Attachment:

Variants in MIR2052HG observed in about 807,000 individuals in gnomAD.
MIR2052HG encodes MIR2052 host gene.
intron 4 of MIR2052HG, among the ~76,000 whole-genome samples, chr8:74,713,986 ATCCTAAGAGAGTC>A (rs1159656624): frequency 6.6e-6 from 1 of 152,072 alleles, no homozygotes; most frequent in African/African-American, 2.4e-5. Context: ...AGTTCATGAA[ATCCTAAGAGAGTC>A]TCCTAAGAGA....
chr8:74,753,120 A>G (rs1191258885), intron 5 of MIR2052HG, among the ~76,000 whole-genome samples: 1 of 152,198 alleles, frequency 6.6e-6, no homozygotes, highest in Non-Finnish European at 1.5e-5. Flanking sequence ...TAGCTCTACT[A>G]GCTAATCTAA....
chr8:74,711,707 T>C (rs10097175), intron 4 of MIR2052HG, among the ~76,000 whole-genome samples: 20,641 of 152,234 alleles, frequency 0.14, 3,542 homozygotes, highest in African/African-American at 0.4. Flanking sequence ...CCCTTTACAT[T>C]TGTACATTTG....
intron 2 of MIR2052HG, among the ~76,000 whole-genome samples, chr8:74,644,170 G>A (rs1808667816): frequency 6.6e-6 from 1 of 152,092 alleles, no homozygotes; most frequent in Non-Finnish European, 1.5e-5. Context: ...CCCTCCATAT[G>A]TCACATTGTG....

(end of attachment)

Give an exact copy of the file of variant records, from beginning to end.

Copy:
Variants in MIR2052HG observed in about 807,000 individuals in gnomAD.
MIR2052HG encodes MIR2052 host gene.
intron 4 of MIR2052HG, among the ~76,000 whole-genome samples, chr8:74,713,986 ATCCTAAGAGAGTC>A (rs1159656624): frequency 6.6e-6 from 1 of 152,072 alleles, no homozygotes; most frequent in African/African-American, 2.4e-5. Context: ...AGTTCATGAA[ATCCTAAGAGAGTC>A]TCCTAAGAGA....
chr8:74,753,120 A>G (rs1191258885), intron 5 of MIR2052HG, among the ~76,000 whole-genome samples: 1 of 152,198 alleles, frequency 6.6e-6, no homozygotes, highest in Non-Finnish European at 1.5e-5. Flanking sequence ...TAGCTCTACT[A>G]GCTAATCTAA....
chr8:74,711,707 T>C (rs10097175), intron 4 of MIR2052HG, among the ~76,000 whole-genome samples: 20,641 of 152,234 alleles, frequency 0.14, 3,542 homozygotes, highest in African/African-American at 0.4. Flanking sequence ...CCCTTTACAT[T>C]TGTACATTTG....
intron 2 of MIR2052HG, among the ~76,000 whole-genome samples, chr8:74,644,170 G>A (rs1808667816): frequency 6.6e-6 from 1 of 152,092 alleles, no homozygotes; most frequent in Non-Finnish European, 1.5e-5. Context: ...CCCTCCATAT[G>A]TCACATTGTG....